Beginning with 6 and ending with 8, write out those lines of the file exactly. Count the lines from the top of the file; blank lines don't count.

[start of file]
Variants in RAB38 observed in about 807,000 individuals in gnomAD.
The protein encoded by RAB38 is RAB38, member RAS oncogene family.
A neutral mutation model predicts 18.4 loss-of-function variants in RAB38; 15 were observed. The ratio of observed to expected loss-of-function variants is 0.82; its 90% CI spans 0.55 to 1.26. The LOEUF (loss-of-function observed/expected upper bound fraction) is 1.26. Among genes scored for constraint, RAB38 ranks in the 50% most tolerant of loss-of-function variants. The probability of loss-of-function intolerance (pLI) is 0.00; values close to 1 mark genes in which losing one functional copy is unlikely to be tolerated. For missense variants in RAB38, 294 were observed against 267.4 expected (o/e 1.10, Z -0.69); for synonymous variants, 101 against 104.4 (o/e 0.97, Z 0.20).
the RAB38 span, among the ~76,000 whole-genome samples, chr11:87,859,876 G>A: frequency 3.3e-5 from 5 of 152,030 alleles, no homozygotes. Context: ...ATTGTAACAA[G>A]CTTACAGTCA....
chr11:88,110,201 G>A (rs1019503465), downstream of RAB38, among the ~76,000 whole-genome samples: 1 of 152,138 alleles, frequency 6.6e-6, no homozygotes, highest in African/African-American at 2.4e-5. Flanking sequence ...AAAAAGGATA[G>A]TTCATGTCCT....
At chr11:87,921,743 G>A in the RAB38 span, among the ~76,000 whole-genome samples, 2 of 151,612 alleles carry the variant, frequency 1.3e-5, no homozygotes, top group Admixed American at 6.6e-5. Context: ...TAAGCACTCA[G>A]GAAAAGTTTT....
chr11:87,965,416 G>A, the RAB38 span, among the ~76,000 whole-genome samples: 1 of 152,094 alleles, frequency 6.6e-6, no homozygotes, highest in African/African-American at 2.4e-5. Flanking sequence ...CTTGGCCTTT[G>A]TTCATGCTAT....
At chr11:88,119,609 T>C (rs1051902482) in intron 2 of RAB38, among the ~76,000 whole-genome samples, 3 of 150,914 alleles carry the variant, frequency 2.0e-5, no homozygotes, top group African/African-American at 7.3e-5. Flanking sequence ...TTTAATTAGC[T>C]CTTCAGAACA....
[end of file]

At chr11:87,921,743 G>A in the RAB38 span, among the ~76,000 whole-genome samples, 2 of 151,612 alleles carry the variant, frequency 1.3e-5, no homozygotes, top group Admixed American at 6.6e-5. Context: ...TAAGCACTCA[G>A]GAAAAGTTTT....
chr11:87,965,416 G>A, the RAB38 span, among the ~76,000 whole-genome samples: 1 of 152,094 alleles, frequency 6.6e-6, no homozygotes, highest in African/African-American at 2.4e-5. Flanking sequence ...CTTGGCCTTT[G>A]TTCATGCTAT....
At chr11:88,119,609 T>C (rs1051902482) in intron 2 of RAB38, among the ~76,000 whole-genome samples, 3 of 150,914 alleles carry the variant, frequency 2.0e-5, no homozygotes, top group African/African-American at 7.3e-5. Flanking sequence ...TTTAATTAGC[T>C]CTTCAGAACA....